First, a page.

Wild, right? Then you scoop it all into a cheesecloth-lined sieve. Once most of the liquid whey has drained out, you hang it. Not as simple as it might sound. I didn't have anything to hang it from, so I rigged up this contraption with a pot and some chopsticks:

Then you press the cheese for about 24 hours, turning it a couple of times. Who said you could only use weights in the gym? (Don't worry, it's clean, and not touching the cheese)

Finally, after about a day and a half, I got to unwrap the cheese. It looks like this:

A little lumpy and misshapen, for sure. Now it sits for 3-5 days in the open air, before I wax it and let it cure for two whole months. I'm feeling totally impatient, but also super-excited that soon I'll have my very own made-at-home cheese!

Weekend Links

I'm overwhelmed by the positive response to Ice Glider ... my very first published knitting pattern. It just confirms that I want to be designing more!

This weekend I did a little bit of, catching up on housework, knitting, working on some other projects, reading, and sleeping. I slept 12 whole hours Saturday night, which means that I must have really needed it. I hope everyone is enjoying their long weekend. Here are some links that caught my eye this weekend:


I'm in love with this pattern. It's not a garment I would normally buy, but I have a good feeling about this one...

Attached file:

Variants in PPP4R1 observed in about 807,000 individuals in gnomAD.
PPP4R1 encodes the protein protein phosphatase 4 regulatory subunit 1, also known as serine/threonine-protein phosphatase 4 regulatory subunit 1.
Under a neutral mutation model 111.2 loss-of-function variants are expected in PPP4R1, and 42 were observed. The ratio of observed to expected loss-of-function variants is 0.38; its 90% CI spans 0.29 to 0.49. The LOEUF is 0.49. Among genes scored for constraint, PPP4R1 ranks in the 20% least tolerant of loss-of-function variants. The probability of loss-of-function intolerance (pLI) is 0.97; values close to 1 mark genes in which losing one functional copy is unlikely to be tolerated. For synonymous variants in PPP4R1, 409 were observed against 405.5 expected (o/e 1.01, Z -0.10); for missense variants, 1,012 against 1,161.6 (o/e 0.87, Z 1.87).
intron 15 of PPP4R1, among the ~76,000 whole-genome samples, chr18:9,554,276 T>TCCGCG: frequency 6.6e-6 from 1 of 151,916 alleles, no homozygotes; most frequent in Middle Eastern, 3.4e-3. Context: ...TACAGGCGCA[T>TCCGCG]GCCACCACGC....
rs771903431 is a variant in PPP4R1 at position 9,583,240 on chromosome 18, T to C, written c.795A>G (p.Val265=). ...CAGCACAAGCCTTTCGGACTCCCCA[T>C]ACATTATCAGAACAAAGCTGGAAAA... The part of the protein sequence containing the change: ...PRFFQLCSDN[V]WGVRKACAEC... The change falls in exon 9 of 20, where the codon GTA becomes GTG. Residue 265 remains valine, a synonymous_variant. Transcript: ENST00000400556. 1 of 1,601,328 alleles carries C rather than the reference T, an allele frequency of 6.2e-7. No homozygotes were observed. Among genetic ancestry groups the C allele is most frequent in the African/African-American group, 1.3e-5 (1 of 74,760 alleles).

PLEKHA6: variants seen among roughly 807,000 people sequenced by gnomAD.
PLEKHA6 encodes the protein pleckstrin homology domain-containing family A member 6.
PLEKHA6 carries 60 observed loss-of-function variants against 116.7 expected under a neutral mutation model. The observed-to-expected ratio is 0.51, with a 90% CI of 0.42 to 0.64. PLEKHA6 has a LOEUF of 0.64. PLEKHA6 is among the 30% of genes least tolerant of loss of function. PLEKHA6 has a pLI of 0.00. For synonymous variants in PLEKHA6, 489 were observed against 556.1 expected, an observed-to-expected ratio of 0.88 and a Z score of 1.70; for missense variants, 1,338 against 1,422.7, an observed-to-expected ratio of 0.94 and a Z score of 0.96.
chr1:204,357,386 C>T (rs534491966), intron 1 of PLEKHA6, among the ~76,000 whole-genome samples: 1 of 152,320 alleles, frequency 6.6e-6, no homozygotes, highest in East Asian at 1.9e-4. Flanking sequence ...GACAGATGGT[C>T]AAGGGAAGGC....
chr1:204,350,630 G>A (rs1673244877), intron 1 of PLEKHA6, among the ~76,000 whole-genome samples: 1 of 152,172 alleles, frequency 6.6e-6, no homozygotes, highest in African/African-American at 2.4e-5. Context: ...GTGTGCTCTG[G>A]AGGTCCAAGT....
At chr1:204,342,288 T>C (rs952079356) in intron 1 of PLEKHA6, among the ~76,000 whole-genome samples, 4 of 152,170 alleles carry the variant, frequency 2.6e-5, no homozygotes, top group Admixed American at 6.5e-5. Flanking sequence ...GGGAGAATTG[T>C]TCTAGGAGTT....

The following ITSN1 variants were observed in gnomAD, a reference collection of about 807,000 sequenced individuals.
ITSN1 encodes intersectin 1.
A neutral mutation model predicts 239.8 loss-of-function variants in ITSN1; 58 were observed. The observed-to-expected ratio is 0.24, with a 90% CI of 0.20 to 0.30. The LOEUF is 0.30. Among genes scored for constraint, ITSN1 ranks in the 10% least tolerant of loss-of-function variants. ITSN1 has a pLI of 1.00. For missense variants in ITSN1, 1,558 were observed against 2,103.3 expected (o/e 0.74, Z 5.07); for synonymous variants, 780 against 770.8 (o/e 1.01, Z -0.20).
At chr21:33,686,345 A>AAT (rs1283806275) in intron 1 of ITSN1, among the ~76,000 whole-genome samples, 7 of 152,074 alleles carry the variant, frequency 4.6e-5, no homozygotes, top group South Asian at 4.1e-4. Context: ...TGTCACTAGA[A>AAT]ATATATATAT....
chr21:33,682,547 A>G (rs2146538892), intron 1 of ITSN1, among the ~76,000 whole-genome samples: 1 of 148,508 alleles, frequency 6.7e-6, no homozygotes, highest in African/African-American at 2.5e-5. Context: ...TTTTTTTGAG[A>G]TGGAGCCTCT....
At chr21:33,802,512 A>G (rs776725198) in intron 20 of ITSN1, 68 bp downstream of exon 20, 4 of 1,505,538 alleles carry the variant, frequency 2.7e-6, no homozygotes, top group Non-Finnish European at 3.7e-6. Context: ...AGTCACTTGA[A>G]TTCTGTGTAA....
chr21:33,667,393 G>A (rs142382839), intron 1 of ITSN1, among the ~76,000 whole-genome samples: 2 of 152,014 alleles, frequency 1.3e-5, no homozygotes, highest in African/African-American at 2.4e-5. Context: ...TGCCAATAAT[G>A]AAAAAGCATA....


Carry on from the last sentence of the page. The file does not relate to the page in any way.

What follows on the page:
We don't have glass recycling here, which is a shame. I have plant nannies, which put quite a few old wine bottles to use, but I'm itching to try some more DIYs with wine bottles. The biggest hitch is getting the labels off. Some peel off easily, while others are a bear. You can bet I'll try this tutorial next time I need to peel labels off bottles.


I never did jump on the pallet gardening train...mostly because I worried they'd look too silly (and that the dog would tear all the plants out...ahem). But I love this idea of turning a pallet into shelving for potted herbs. Is it spring yet?


When Mike and I were in Italy, we had some amazing gluten-free pizza. The crust was so chewy and delicious, we had to double-check to make sure it was gluten-free. (It was. More about it soon.) Since then, I've been searching for a recipe to try. This one's next on the list

What caught your eye over the weekend?

In Love with a Mediterranean Climate: Fruit Everywhere

When we went to Italy, the first thing I noticed was plants. They were everywhere! Spilling from balconies, planted in public parks, growing out of walls, on restaurant patios. Everywhere I looked,there were plants. Each week, I’m sharing a different aspect of the plants I saw in Italy. Last week it was plants spilling into the streets. This week, I’m sharing the fruit we saw hanging on trees.